Being still can communicate focus. You can do this by trying to avoid movements such as tapping or doodling with a pen, audibly sighing or glancing at your phone or watch. It's important to avoid exchanging any forms of communication with others while listening to the speaker. This can help prevent the speaker from getting frustrated or uncomfortable.


Mirroring refers to the act of mimicking the facial expressions of the speaker. People often use it to show agreement and sympathy for the speaker's message. For example, a friend or family member who just got a job may share the news with you with an exhilarated look on their face. To show your support as a friend, your natural reaction would be to smile, jump and look excited, too.

What are the three A's of active listening?

Listening actively is about self-awareness. It's important to pay attention to whether or not you're actively engaging, passively listening or only hearing. Active listening requires focus or concentration. Active listening has three primary elements. These include the three A's:


Attitude refers to a feeling of emotion or mental position regarding a state or fact. This has a lot to do with how you listen when someone is speaking. If you have an attitude that each person deserves respect when being listened to, you can be a better participant and get more out of what you're listening to. An individual usually can learn something from others and if you have an attitude that this is true, then you can be a better listener and provide the speaker with more attention and respect.

Having a positive attitude is perhaps the first step in having excellent listening skills. For instance, if you're going into a seminar or lecture, it's important to enter the room assuming it's going to be engaging, instead of assuming it's going to be boring. Get into the room with an open mind so you can listen to the speaker.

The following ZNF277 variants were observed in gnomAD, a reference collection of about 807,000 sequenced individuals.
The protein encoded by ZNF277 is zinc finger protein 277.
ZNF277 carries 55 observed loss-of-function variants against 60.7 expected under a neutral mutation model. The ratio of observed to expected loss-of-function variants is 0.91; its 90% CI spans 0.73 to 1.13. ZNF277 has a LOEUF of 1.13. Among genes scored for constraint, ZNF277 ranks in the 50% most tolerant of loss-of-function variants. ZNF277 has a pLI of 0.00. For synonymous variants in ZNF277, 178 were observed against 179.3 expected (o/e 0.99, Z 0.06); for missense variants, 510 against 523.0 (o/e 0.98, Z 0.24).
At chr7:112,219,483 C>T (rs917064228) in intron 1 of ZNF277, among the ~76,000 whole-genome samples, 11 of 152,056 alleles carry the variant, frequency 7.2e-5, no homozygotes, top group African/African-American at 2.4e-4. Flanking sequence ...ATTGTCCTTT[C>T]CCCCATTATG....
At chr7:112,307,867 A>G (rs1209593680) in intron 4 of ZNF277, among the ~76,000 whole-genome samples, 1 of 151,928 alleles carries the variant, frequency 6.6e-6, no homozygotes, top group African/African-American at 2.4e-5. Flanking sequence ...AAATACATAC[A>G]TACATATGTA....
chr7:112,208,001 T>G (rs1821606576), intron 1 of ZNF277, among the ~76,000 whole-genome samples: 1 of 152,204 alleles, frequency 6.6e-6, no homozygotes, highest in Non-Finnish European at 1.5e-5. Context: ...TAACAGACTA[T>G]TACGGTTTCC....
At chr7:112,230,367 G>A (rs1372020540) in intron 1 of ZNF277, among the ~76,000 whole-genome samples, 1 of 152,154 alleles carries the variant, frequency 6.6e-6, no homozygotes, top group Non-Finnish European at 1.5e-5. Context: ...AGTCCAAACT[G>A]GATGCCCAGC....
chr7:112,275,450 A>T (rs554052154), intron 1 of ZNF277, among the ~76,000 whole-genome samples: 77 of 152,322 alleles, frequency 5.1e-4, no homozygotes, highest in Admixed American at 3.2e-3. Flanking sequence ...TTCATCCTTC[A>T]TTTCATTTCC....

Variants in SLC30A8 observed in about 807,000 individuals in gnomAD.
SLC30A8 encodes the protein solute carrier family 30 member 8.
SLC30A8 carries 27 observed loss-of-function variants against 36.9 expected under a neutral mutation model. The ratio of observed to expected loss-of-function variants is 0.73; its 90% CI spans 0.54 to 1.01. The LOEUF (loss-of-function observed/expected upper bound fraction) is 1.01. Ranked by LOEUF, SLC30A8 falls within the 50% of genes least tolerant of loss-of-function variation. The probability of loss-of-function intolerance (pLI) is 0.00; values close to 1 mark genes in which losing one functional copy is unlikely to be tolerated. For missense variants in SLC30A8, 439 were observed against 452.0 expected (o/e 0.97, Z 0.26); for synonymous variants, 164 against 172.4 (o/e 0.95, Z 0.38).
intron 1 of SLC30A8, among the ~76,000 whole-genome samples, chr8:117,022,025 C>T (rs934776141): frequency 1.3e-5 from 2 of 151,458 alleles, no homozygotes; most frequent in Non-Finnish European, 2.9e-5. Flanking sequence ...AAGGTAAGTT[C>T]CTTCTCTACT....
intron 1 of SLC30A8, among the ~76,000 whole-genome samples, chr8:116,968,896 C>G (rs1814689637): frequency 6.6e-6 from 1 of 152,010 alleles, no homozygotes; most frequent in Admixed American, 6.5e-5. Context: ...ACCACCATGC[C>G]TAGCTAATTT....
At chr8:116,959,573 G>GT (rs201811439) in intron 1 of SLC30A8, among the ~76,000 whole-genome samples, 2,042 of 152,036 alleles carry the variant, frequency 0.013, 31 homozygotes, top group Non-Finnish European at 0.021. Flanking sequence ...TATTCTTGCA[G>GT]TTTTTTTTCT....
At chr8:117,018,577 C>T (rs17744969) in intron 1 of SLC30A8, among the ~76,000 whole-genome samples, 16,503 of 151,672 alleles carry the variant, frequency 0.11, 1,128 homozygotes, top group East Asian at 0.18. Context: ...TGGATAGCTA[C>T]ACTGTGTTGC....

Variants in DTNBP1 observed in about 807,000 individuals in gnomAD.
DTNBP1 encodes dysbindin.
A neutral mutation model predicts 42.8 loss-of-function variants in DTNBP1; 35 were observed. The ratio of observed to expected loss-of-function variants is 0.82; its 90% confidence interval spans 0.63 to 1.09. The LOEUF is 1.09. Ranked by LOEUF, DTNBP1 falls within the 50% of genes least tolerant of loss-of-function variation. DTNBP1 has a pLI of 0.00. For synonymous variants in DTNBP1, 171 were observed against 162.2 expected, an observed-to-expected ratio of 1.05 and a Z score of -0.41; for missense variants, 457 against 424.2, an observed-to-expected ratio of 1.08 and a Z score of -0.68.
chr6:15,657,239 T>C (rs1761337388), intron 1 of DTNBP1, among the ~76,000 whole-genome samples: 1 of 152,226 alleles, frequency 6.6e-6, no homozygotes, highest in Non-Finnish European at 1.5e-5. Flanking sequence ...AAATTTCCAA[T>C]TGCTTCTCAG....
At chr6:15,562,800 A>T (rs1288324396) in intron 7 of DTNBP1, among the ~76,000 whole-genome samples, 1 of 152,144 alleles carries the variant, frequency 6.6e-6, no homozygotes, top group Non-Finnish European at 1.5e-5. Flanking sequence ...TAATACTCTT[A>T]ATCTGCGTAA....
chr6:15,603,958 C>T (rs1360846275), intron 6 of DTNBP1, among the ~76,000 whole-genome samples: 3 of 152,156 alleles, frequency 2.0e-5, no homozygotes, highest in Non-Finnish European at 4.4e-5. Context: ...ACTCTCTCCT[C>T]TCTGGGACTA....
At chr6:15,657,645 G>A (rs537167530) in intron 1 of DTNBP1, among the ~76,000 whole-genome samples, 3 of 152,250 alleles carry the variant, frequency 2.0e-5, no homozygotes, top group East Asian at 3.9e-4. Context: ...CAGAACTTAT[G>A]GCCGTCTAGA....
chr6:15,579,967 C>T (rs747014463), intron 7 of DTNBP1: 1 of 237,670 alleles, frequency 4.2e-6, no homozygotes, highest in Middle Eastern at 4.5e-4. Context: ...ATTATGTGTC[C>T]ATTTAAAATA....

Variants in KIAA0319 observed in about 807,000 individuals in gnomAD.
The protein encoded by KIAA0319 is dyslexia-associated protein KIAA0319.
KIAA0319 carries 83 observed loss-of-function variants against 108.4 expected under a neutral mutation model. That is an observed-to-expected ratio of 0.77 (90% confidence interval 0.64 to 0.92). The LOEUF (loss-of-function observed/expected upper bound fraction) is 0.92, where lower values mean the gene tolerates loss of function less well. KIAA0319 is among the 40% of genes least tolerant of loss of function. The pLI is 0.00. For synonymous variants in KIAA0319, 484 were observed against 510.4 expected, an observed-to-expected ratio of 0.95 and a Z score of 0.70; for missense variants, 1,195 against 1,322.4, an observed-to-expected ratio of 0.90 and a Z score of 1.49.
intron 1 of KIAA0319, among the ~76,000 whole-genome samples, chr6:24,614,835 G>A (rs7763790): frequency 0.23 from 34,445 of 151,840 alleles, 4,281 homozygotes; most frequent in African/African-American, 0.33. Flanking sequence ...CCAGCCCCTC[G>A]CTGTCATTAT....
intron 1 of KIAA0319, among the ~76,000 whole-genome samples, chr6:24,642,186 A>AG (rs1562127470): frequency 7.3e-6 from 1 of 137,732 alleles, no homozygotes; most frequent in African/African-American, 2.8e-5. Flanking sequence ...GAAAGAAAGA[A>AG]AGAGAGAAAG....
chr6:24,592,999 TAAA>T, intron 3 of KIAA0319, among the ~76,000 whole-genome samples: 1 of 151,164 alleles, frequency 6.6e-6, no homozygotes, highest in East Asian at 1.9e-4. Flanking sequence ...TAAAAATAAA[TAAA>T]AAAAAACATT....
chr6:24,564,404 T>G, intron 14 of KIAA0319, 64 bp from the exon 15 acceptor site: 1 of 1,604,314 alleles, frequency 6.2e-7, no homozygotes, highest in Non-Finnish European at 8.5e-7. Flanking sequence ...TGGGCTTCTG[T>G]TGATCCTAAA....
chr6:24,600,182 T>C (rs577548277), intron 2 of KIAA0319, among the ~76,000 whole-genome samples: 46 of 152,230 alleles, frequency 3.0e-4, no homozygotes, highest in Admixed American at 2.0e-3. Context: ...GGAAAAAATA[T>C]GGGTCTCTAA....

Related: Important Soft Skills Employers in Hong Kong Look For


To listen to what an individual is saying, it's important to pay close attention. For many people, however, that may be easier said than done. Some individuals might have a very short attention span, which causes them to get bored or distracted easily. Others may have difficulty paying attention, as they have difficulty hearing and focusing or they tend to daydream.

If you have the ability to pay attention, it can make effective listening much easier. There are a few steps you can take to improve your ability to pay attention, including reading and playing memory games. You can also play observation games in which you look at a photo for about 60 seconds and then turn away and remember as much about the photo as you can. Even doing regular meditation can help you improve your ability to pay attention or focus.


Instead of assuming the speaker's intentions or guiding the conversation in one direction or discussing a specific topic, adjustment can help you adapt to what's happening. The more you can adapt to where an individual is taking the conversation, the better listener you can be.

If you can adjust to where a speaker is going, you can receive information with a more open mind. This takes you back to the first of the three elements of active listening, which is attitude. Keep in mind that having an open mind can help you adjust to what the speaker is saying and can help you view a change with a more positive outlook.